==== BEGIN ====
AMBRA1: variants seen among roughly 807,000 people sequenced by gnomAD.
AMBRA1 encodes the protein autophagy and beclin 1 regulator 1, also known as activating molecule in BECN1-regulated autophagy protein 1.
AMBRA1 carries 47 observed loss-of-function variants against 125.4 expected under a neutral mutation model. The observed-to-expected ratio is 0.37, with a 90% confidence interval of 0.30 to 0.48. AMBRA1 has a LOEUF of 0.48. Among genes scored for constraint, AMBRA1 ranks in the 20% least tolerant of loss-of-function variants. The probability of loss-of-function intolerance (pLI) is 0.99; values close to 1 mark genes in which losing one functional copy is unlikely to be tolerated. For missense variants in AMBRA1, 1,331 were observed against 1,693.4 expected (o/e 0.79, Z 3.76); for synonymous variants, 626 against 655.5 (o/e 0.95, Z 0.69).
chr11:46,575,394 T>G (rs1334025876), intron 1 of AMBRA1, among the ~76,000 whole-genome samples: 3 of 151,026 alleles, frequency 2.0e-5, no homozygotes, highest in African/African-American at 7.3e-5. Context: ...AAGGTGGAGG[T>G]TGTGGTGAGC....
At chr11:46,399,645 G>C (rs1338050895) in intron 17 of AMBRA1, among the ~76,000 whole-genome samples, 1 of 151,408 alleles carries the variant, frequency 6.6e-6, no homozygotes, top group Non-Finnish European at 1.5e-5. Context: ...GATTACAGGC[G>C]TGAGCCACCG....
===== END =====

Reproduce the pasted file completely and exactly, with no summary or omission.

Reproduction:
AMBRA1: variants seen among roughly 807,000 people sequenced by gnomAD.
AMBRA1 encodes the protein autophagy and beclin 1 regulator 1, also known as activating molecule in BECN1-regulated autophagy protein 1.
AMBRA1 carries 47 observed loss-of-function variants against 125.4 expected under a neutral mutation model. The observed-to-expected ratio is 0.37, with a 90% confidence interval of 0.30 to 0.48. AMBRA1 has a LOEUF of 0.48. Among genes scored for constraint, AMBRA1 ranks in the 20% least tolerant of loss-of-function variants. The probability of loss-of-function intolerance (pLI) is 0.99; values close to 1 mark genes in which losing one functional copy is unlikely to be tolerated. For missense variants in AMBRA1, 1,331 were observed against 1,693.4 expected (o/e 0.79, Z 3.76); for synonymous variants, 626 against 655.5 (o/e 0.95, Z 0.69).
chr11:46,575,394 T>G (rs1334025876), intron 1 of AMBRA1, among the ~76,000 whole-genome samples: 3 of 151,026 alleles, frequency 2.0e-5, no homozygotes, highest in African/African-American at 7.3e-5. Context: ...AAGGTGGAGG[T>G]TGTGGTGAGC....
At chr11:46,399,645 G>C (rs1338050895) in intron 17 of AMBRA1, among the ~76,000 whole-genome samples, 1 of 151,408 alleles carries the variant, frequency 6.6e-6, no homozygotes, top group Non-Finnish European at 1.5e-5. Context: ...GATTACAGGC[G>C]TGAGCCACCG....